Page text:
Without actually taking the time to do any calculations, shouldn't this chip be a little weak to be powering PVRs and other media devices? With the proliferation of HD, I see more and more people (thankfully) going to h.264 to reduce their file sizes. However, to play a 720p file that is encoded with h.264, you need some serious punch in the processing realm. Recording/encoding to h.264 is a level far beyond that. I don't have the specs in front of me, but even the most minimal player is going to require more than 500 MHz. Now, if you're talking about a few of these in one system you may be on the right track. Anyone have more experience than me in this kind of thing and can comment further?
    • by Stevecrox (962208)
      Your right, I recently tried to build a Media Centre out of old computer parts, I built a:

      700Mhz Intel Pentium 3
      512mb SDram
      Nvidia 5200
      Avermedia TV card

      Windows Media Centre was barely able to run on the machine taking recordings was pointless using windows media centre or the avermedia PVR software. This 500Mhz chip would definitly not be enough, the 1Ghz and 1.5Ghz chips would do it though and even at 7.5watts the 1.5Ghz is redicoulously low power.
    • If you want a very low power PVR, you would probably use dedicated MPEG-1/2/4(including H.264) hardware, which would use less power than a general purpose CPU doing the same thing. Mind you, you'd probably use something like a PowerPC 405 instead of an x86 chip.
    • by DrXym (126579)
      I have trouble believing that a 500Mhz PC device is going to manage it though the PSP can play 480p H264, so perhaps the CPU requirements aren't that great for playback. My experience of encoding H264 is that they're pretty horrific. I doubt this chip would be any use at all for PVR devices unless the H264 already arrived at the CPU encoded, e.g. it was extracted from a DVB-T signal or similar.
    • I'm guessing that these new chips use the same MPEG acceleration as their older models. When I had a Nehemiah running at 1Ghz on a Gentoo setup it was an absolute bitch to get Unichrome support. I believe that has all been sorted out now and the software is more stable. My box used to play both DivX at 720p and H.264 at 720p without any problems. For H.264 you are locking up the box and can't do anything else, for DivX it was more like 20% cpu.

      For encoding - just don't bother. I thought that encoding H.264
    • You're right, this really wouldn't be suitable for a DVR. Just look at the MythTV requirements. Usually if you're going to do best quality video recording you need at LEAST 1-1.5ghz if hardware encoding and 2ghz+ if you are doing it all in software. Granted the last time I tried this kind of thing I was using a Hauppauge WinTV (good linux support) but couldn't get the mpeg2 hardware encoding to work, and it chocked on my 1ghz machine. That was regular video not HD, and was recording in mpeg and not some h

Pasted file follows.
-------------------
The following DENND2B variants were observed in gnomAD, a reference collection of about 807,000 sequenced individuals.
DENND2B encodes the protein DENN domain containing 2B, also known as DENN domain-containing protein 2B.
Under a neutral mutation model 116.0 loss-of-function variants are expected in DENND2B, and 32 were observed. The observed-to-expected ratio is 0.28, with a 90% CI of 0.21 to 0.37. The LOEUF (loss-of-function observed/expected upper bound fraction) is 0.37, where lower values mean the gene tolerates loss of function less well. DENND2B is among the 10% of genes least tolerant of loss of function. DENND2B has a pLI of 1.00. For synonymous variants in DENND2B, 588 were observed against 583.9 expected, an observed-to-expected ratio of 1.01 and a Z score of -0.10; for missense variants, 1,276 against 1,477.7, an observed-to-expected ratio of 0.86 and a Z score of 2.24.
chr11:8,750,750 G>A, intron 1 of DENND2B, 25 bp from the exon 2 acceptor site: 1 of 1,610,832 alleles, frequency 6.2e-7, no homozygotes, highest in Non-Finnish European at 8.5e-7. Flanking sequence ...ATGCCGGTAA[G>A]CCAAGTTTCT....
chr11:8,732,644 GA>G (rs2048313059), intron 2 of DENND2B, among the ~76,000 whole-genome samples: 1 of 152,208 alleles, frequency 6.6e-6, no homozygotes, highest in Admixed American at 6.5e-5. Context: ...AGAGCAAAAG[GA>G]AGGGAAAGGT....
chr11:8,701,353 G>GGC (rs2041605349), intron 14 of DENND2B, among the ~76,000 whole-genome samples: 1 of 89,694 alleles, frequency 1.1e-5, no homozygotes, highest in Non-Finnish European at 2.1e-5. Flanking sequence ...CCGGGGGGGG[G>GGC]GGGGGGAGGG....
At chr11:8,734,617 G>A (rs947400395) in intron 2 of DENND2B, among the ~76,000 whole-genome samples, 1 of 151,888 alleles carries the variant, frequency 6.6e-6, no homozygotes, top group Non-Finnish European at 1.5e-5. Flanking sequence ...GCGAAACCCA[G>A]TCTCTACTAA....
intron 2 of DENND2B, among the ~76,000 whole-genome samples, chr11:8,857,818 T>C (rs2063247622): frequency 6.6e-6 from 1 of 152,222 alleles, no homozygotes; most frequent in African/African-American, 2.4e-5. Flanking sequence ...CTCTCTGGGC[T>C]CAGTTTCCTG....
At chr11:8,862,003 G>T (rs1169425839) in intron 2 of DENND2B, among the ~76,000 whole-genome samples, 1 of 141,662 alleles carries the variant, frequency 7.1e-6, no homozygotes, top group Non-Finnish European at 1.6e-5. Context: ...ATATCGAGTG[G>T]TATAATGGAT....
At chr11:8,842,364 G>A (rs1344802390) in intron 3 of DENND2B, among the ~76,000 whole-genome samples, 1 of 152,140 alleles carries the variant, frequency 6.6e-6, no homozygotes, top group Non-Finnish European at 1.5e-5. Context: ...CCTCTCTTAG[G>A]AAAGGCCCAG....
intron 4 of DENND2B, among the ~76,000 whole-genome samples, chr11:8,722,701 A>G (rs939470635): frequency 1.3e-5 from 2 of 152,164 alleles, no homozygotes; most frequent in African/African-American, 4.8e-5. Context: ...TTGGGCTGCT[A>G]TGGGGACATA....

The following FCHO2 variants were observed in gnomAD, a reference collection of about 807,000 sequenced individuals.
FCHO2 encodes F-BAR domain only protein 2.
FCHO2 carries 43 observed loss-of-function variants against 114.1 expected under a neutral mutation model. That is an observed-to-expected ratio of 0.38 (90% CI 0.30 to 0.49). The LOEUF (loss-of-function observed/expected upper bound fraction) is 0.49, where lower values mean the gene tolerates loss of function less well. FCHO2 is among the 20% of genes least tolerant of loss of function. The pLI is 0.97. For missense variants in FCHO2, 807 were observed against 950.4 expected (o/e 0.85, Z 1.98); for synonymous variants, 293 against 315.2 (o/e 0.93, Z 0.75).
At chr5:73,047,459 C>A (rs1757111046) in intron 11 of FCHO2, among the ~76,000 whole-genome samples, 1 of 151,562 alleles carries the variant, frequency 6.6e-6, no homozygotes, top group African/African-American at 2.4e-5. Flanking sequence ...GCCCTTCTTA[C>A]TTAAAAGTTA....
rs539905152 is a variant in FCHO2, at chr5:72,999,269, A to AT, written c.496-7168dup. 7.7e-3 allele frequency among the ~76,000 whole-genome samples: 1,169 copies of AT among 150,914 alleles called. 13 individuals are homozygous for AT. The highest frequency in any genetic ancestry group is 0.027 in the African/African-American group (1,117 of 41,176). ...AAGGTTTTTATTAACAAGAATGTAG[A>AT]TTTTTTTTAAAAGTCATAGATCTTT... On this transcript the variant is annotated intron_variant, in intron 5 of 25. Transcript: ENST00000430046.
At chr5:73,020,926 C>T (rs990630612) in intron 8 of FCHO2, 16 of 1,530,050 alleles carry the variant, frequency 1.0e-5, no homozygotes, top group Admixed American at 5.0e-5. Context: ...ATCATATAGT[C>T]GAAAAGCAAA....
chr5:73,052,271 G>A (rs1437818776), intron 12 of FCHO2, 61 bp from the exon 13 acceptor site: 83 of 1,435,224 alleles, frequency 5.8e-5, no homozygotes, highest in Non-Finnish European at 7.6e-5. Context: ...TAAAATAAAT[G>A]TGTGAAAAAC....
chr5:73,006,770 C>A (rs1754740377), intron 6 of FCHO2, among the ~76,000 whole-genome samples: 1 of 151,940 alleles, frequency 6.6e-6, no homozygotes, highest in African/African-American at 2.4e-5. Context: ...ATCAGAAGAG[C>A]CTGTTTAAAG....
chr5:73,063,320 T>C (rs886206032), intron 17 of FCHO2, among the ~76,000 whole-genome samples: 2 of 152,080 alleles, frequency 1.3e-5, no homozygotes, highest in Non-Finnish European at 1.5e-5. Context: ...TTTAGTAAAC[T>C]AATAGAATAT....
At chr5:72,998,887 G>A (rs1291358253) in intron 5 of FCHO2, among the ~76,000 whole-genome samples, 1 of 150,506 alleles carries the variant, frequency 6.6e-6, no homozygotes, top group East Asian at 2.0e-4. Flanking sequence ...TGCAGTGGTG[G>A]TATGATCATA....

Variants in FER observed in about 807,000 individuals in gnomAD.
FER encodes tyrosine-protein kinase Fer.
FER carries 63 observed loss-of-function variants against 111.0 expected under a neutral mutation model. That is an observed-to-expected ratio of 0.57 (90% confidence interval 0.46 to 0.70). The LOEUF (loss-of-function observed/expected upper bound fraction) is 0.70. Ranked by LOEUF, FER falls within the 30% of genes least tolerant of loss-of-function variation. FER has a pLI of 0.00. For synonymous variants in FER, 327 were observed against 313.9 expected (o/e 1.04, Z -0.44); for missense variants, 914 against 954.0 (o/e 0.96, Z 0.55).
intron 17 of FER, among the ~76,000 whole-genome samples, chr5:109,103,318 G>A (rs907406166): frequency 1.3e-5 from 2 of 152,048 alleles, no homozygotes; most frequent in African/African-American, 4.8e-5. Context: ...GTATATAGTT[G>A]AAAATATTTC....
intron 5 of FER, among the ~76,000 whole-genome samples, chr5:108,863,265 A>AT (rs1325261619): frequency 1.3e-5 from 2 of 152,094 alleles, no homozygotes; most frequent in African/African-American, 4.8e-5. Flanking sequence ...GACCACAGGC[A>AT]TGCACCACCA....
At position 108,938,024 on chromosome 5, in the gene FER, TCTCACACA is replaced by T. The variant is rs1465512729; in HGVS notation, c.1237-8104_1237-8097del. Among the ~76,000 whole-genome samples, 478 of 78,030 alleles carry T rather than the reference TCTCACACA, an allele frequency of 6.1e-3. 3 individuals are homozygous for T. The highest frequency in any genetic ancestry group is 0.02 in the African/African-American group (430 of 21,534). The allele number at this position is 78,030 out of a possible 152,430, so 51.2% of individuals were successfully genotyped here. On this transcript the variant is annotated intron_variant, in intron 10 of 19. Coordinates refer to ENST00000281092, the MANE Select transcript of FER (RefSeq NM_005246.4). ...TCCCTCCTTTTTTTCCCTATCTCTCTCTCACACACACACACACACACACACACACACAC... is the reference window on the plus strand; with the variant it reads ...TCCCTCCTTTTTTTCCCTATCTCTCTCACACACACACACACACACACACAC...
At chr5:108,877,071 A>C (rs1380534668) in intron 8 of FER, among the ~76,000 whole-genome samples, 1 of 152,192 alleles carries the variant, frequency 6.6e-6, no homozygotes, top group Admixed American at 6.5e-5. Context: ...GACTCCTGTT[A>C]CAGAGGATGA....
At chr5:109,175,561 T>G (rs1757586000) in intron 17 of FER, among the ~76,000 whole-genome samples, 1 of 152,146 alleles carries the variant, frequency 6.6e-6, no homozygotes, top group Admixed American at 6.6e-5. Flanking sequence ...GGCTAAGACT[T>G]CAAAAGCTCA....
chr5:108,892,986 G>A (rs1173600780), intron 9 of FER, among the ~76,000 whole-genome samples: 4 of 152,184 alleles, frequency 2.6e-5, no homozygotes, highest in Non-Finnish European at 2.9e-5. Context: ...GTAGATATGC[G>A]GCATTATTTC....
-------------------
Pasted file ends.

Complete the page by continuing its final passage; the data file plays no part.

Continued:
• Redundand? (Score:4, Insightful)

    by spectrokid (660550) on Friday August 24, 2007 @05:08AM (#20341571) Homepage
    Isn't everybody always complaining how x86 is an awefull archtecture dragging 20 years of backward compatibility like a block of concrete? A one watt processor surely aims at the mobile/embedded market. Backward compatibility is not an issue there. I can't see anybody running his old Windows 3.11 accounting software on his mobile, and this thing won't come with a "Vista-ready" sticker...
    Linux and Windows CE (or whatever they call it today) run just fine on ARM and similar. Will a low-power x86 compete performance-wise with a low-power RISK architecture?
    • Re: (Score:3, Interesting)

      by aclarke (307017)
      There are lots of uses for a CPU like this. I, for example, run a VIA CPU/mobo in my truck. It draws very little current which means my auxilliary battery will run the computer for a lot longer. It also produces less heat than my AMD/Intel options, which means the computer needs no fans, which also saves power and keeps the system quieter. I run Windows XP on there as pretty much all the good GPS software runs on Windows. An ARM chip wouldn't do me much good there, unfortunately.

      I agree though, this
      • I am planning to build such a system precisely for the reasons you've mentioned - low power consumption, low noise. The problem is that I did not find any benchmarks that compare VIA's CPUs with alternatives.

        Can you tell me which CPU and motherboard you are using? Is Window XP usable on that machine? (I intend to run a flavour of Linux on mine, but your feedback will be valuable anyway)
    • No, it does not compete with ARM, MIPS and others at the embebbed market, simply because it consumes a lot of power and is seriously unpowered.

      If sucessfull, that chip will open a market on its own for legacy software to run on small power appliances.

  • by DrXym (126579) on Friday August 24, 2007 @05:12AM (#20341583)
    I wish the EU would start rating PCs by their energy consumption, perhaps accompanied by an energy tax for the worst categories. The amount of power in a modern PC from CPUs & GPUs wasted as heat, fans etc. is just ridiculous.
    • To clarify, if the EU slapped a tax on the worst offending PCs, it might focus consumers and the industry on producing more efficient designs. Most domestic appliances such as fridges and dishwashers already get rated in the EU and it clearly does shape people's decisions.